This article was originally published in LBB Online.
Ben Reubenstein, President of POSSIBLE Mobile, predicts four big tech plays in 2017.
Many of us were ready to be done with 2016, including me. RIP David Bowie, Prince, Arnold Palmer, and the myriad of other luminaries who shaped our culture. Hands down, Prince was the best concert I’ve ever seen; unfortunately, I never got to see Bowie.
The new year will bring a fresh start and the usual rhythm of events, starting with CES, rolling into SXSW, and so on and so forth. As we begin 2017, here are my four predictions for advertising, native apps, virtual reality, and voice interactions.
Advertising professionals will pay better attention to the actual experience of their work on mobile.
Looking at impressions, tap throughs, and conversions are baseline. There is still a human experience on the other end of the tech and, frankly, adtech failed us in 2016. Simply read an article on any website. Interstitials, clunky banners, trick-taps, and auto-playing video with audio are all making our customers crazy. In 2017, brands and content producers will work together to provide relevant content paired with tasteful ad experiences.
Native app retention strategies will become centre stage.
We work hard to build awesome applications and need to capitalise on keeping our users. If an app doesn’t keep its users, it is poorly made and provides no value proposition. A successful native app does a few things great. And the users who stick to our apps are the best, loyal customers. Creative push experiences, better targeting, and being ready at the magic moment will be goals on product owners’ minds in 2017.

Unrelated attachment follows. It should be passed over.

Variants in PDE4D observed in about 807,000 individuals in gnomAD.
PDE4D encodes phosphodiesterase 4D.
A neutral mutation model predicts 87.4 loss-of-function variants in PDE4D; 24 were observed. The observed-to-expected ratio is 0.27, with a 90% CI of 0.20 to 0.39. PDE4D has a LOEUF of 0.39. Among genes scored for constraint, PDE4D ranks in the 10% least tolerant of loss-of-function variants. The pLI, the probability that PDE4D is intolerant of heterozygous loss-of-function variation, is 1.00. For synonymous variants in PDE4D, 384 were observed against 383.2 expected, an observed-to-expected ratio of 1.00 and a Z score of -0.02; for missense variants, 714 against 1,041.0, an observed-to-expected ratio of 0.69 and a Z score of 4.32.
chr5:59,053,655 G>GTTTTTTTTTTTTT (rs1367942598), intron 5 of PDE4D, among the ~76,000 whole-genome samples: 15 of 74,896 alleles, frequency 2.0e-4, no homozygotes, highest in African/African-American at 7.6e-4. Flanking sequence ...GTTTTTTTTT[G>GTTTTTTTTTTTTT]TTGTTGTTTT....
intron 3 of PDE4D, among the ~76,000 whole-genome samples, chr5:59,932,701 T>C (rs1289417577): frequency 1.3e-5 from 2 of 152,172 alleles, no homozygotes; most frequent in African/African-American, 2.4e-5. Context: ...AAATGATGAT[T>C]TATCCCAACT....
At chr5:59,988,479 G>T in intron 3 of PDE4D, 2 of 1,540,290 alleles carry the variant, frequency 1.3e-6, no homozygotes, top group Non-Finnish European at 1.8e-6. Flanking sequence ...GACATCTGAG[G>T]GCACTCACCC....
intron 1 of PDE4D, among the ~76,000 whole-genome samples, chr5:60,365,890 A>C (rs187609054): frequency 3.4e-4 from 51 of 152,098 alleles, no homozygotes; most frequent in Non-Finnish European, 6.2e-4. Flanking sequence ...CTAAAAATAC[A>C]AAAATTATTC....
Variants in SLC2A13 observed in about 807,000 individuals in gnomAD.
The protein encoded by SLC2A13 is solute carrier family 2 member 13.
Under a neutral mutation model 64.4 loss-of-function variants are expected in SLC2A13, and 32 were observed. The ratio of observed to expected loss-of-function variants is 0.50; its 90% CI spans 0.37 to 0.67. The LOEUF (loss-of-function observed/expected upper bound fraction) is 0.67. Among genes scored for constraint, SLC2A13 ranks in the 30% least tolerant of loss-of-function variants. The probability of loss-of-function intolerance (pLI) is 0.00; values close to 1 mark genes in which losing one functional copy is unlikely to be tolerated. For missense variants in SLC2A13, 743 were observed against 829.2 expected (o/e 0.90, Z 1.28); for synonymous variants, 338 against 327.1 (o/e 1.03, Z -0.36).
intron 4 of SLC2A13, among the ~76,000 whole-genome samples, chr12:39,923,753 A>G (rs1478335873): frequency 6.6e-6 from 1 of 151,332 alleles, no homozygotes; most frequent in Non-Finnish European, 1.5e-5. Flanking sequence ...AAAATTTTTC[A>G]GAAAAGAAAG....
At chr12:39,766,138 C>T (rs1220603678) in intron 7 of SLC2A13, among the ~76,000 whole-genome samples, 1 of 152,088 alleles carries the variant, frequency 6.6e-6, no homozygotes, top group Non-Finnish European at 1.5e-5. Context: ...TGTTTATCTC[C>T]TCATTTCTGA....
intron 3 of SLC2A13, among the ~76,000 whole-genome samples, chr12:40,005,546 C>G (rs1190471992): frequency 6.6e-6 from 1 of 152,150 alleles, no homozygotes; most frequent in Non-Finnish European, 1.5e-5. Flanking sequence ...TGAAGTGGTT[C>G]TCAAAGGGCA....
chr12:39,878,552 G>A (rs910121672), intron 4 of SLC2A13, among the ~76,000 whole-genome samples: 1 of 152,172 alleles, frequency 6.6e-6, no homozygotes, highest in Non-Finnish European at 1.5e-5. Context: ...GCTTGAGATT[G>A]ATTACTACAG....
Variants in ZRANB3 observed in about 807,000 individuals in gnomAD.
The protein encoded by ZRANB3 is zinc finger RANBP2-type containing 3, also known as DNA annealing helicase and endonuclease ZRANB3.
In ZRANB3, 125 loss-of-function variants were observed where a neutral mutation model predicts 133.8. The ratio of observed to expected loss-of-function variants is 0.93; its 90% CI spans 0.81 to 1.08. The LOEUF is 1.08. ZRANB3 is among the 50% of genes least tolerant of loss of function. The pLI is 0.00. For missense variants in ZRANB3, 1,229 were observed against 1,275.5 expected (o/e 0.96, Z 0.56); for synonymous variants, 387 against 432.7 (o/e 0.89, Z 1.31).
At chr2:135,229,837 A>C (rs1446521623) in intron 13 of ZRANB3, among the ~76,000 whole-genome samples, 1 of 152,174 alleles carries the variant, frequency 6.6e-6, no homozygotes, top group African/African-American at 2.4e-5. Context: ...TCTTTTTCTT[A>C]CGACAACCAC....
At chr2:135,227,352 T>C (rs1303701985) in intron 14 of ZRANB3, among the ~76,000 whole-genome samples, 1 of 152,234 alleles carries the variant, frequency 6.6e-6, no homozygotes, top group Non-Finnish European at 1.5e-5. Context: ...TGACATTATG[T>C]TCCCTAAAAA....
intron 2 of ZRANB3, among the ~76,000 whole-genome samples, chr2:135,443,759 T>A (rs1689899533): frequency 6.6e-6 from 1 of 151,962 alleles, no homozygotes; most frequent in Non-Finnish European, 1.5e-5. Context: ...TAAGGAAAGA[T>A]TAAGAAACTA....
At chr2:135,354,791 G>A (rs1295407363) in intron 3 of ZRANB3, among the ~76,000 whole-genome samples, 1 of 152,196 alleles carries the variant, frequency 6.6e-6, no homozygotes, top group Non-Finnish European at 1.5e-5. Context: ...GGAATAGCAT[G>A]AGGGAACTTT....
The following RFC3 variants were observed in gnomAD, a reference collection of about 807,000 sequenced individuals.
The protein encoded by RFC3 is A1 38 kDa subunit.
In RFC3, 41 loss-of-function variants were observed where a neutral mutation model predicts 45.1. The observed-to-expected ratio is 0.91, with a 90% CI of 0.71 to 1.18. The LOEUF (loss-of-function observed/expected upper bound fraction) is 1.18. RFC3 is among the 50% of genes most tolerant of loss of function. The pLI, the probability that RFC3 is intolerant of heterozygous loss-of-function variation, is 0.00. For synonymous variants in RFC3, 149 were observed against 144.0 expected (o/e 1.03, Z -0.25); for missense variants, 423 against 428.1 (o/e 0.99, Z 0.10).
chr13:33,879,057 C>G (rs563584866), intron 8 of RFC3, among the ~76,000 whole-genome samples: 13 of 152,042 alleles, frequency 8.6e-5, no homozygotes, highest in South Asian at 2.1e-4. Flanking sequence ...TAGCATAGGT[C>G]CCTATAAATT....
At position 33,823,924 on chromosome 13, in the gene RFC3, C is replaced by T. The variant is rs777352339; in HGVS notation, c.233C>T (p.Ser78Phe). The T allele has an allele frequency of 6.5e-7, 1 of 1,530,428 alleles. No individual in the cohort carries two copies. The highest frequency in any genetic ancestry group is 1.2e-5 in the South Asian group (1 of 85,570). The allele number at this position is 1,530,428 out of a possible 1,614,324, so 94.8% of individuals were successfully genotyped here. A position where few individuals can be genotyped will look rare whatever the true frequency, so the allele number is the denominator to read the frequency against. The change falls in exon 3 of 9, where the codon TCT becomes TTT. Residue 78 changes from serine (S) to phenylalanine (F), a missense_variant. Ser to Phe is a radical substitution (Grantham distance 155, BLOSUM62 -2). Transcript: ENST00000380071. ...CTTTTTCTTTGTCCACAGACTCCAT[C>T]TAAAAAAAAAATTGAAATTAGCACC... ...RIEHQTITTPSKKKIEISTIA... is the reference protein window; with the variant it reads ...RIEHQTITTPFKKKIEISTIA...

In the future, virtual reality will be a large part of people’s daily experience, but it is going to take time—and 2017 will not be the tipping point.
However, we will begin to see substantive virtual reality experiences, with social elements added to the mix. In 2016, I spent time taking 3D photographs with a Samsung Gear 360. This content creation was a lot of fun and, when I went to share these experiences, it was met with much excitement. But that excitement died quickly using the Samsung Gear VR hardware and software combination—controls on the side of the headset are cumbersome and awkward. Fortunately, a high note followed this: Google’s Daydream VR. I can now view the same images I took with the Samsung hardware via Google Photos—along with a better experience. In 2017, Google will make big strides in VR. Its approach to the headset as a piece of clothing is a big step in the right direction.
Alexa, Google Assistant, Siri, and Cortana are in all play to become the virtual assistant of choice.
As 2016 came to a close, it was clear that Alexa in the Amazon Echo hardware was trending well (of course, having the buying power of Amazon behind it adds huge value). I love asking Alexa to order things for me, especially household goods, in real-time as I need them. That said, in 2017 I predict Google makes up big ground in terms of footprint for Google Home. It will become a content-delivery powerhouse due to the combination of Home, Assistant, and Chromecast. Apps with Chromecast integrations will also have a path to expanding their footprints. They’ll need to consider how that experience works with the addition of Google Home.
At the same time next year I look forward to reviewing my predictions—and seeing how well I did.